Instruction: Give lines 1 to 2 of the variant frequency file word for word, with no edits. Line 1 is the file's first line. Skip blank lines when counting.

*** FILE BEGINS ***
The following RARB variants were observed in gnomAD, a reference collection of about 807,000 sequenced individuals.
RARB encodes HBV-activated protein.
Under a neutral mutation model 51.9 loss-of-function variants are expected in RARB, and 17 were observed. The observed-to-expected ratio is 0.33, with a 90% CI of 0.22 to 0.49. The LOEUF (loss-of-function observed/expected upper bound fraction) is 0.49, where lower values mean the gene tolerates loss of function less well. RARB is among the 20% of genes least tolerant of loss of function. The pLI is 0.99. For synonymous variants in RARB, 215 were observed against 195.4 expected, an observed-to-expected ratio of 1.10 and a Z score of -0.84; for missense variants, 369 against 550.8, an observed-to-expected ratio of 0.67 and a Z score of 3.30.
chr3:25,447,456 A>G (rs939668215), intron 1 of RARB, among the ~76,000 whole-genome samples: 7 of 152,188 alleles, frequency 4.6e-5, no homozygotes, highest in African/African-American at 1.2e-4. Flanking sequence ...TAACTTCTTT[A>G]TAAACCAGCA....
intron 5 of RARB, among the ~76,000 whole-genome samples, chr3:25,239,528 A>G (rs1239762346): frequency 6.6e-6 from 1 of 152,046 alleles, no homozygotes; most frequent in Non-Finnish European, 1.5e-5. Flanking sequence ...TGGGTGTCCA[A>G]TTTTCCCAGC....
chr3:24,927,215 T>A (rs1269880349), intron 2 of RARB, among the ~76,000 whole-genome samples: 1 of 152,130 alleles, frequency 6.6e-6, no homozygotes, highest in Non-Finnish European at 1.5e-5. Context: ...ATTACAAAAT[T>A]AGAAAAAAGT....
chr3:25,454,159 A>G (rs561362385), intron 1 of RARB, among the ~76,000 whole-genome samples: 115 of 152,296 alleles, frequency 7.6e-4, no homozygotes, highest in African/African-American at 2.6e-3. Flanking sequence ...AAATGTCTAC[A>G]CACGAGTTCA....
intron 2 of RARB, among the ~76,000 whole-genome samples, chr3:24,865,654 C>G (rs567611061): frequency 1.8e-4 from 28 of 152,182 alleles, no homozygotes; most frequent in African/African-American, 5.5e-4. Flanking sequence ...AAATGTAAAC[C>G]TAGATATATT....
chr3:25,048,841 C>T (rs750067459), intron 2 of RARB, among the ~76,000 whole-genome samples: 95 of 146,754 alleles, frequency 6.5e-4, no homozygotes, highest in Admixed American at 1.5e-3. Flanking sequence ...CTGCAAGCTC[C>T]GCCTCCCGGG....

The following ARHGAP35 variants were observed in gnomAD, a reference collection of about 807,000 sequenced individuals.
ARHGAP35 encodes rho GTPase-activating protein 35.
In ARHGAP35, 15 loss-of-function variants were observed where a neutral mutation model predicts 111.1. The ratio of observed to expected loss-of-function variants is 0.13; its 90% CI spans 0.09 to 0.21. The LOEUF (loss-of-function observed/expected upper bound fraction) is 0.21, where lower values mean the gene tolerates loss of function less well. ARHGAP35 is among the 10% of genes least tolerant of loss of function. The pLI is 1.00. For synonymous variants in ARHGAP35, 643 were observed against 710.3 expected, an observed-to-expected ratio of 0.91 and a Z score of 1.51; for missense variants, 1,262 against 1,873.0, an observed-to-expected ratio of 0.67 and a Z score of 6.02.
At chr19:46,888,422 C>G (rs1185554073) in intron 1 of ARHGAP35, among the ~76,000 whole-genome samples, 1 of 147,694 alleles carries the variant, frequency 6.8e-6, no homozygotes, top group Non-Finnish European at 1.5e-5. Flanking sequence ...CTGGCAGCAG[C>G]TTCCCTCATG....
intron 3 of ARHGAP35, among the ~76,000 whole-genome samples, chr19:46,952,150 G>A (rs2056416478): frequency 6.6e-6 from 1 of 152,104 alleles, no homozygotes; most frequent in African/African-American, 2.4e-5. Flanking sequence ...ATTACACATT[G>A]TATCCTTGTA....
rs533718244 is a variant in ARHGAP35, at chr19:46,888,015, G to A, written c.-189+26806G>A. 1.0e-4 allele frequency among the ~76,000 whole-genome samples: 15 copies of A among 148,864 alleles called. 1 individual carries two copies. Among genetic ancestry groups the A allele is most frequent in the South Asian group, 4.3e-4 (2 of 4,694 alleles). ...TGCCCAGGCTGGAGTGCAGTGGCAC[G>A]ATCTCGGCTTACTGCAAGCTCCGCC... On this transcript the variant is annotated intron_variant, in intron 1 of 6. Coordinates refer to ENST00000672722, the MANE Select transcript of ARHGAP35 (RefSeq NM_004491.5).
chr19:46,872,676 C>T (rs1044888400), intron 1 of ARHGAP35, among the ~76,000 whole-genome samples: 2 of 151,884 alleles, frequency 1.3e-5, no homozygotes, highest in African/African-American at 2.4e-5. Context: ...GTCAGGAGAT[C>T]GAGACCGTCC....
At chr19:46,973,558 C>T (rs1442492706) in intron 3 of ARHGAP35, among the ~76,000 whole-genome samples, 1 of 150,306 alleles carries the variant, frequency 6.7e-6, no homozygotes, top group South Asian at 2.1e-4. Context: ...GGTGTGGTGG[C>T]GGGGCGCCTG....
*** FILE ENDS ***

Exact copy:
The following RARB variants were observed in gnomAD, a reference collection of about 807,000 sequenced individuals.
RARB encodes HBV-activated protein.